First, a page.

An auditor expresses an adverse opinion when they do not believe the financial statements are fairly presented in accordance with GAAP. In other words, something has caused the auditor to believe that users cannot rely on the financial statements. When expressing an adverse opinion, the audit report will include a paragraph following the opinion paragraph explaining the reasons for the adverse opinion, and the impact that the substance of that opinion has on the financial statements. Adverse opinions on financial statements are very rare.

Disclaimer of opinion

A disclaimer of opinion occurs when an auditor does not express an opinion on the financial statements. An auditor may decide not to express an opinion because they cannot form an opinion on whether the financial statements are fairly presented in conformity with GAAP. For instance, if the business reported owning forests in the Amazon that were inaccessible to the auditor, the auditor may be forced to disclaim their opinion.

When disclaiming an opinion on the financial statements, the audit report should include a paragraph(s) explaining the reasons for declining to express an opinion.

Investors, be on the lookout for these risks and red flags found in an audit report

Users of an audit report should always read it along with the accompanying financial statements and notes to the financial statements. Merely reading the audit report alone will be insufficient to understand a company’s financial position, performance, and cash flows.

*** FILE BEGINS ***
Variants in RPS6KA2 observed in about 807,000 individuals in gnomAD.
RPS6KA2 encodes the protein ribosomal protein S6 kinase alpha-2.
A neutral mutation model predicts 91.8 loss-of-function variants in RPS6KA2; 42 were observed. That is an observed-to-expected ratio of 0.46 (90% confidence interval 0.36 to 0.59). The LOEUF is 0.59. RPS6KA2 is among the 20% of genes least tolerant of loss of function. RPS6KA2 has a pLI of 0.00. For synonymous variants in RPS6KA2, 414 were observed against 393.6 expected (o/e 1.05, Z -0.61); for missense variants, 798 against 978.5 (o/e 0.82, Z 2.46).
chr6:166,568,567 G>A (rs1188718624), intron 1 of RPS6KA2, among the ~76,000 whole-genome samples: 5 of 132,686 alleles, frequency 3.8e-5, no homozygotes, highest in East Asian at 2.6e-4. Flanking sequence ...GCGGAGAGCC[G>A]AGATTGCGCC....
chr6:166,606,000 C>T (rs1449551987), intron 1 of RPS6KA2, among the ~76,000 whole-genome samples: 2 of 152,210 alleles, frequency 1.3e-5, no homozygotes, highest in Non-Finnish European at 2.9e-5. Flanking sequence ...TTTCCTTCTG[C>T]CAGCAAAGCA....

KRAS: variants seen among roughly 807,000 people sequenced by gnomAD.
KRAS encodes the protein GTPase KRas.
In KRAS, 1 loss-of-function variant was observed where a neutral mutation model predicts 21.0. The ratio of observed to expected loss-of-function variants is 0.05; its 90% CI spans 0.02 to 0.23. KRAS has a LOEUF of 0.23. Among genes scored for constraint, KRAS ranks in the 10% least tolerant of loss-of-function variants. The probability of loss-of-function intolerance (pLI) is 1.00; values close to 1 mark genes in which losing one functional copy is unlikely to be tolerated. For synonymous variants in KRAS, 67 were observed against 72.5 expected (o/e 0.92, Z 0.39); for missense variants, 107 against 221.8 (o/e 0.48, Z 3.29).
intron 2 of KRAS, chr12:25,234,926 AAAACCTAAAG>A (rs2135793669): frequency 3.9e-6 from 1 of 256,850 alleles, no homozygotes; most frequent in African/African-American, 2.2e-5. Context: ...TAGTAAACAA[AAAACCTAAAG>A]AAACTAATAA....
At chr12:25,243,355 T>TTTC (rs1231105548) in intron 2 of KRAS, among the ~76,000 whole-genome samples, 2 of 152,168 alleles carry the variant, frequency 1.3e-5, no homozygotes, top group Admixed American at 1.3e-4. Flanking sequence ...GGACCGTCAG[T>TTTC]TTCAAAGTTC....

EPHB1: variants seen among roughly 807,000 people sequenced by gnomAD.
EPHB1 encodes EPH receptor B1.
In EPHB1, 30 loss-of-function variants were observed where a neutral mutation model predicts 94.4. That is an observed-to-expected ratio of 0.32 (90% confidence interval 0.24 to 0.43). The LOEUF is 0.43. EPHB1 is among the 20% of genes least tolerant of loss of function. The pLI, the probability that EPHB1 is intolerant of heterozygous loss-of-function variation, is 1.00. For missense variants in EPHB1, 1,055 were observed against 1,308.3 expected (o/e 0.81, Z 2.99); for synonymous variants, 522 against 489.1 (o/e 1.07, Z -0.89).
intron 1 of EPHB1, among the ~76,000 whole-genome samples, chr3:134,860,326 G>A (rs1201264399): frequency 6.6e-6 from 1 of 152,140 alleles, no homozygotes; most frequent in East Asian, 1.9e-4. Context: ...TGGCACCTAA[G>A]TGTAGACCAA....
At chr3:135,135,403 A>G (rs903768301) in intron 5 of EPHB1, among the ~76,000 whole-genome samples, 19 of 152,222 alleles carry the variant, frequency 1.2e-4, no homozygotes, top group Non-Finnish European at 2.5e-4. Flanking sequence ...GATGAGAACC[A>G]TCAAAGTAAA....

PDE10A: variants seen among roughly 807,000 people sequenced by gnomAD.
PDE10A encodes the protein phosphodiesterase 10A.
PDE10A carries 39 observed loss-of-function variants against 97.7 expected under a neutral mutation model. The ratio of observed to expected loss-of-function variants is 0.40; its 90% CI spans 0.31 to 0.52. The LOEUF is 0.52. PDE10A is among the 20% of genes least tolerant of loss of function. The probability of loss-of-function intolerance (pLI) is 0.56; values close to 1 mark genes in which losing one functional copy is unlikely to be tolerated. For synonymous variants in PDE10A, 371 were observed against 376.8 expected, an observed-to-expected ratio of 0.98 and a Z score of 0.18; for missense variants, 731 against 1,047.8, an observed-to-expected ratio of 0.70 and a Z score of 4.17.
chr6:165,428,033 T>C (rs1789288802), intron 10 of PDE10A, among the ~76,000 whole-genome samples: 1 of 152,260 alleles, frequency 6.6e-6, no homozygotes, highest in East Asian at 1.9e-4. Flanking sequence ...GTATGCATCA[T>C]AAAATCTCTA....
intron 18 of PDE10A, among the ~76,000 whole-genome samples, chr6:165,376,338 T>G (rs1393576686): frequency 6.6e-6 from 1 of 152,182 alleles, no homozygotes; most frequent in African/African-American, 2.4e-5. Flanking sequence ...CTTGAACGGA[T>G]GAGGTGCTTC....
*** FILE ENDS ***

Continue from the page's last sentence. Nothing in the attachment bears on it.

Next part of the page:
With that said, here are some things that readers should make note of in each type of audit report:

Critical Audit Matter (CAM)

As of recently, CAMs are present in all audit reports, regardless of the auditor’s overall opinion on the financial statements. As noted above, CAMs relate to accounts or disclosures that are (1) material to the financial statements and (2) involve especially challenging, subjective, or complex auditor judgment. The fact that an auditor highlighted these could warrant a closer look. We discuss how best to use CAMs as part of your investment process here.

Going concern paragraph

Users should always take note whenever an explanatory going concern paragraph is part of the audit report as this is a serious risk factor which indicates potential bankruptcy risk.

Under normal circumstances, it is the assumption that a company will continue as a going concern. In other words, it is assumed that the company will continue its operations for the foreseeable future.

As part of conducting an audit, an auditor must consider whether there’s any doubt about a company’s ability to continue as a going concern. If an auditor performs its evaluation and determines that there is substantial doubt that the company will continue as a going concern, then the auditor must include an explanatory paragraph describing this uncertainty. Even if the audit report contains an unqualified opinion, there still may be substantial doubt about its ability to continue as a going concern.

Hudson Labs provides real-time information on going concern issues at U.S. companies. Sign up for a trial today.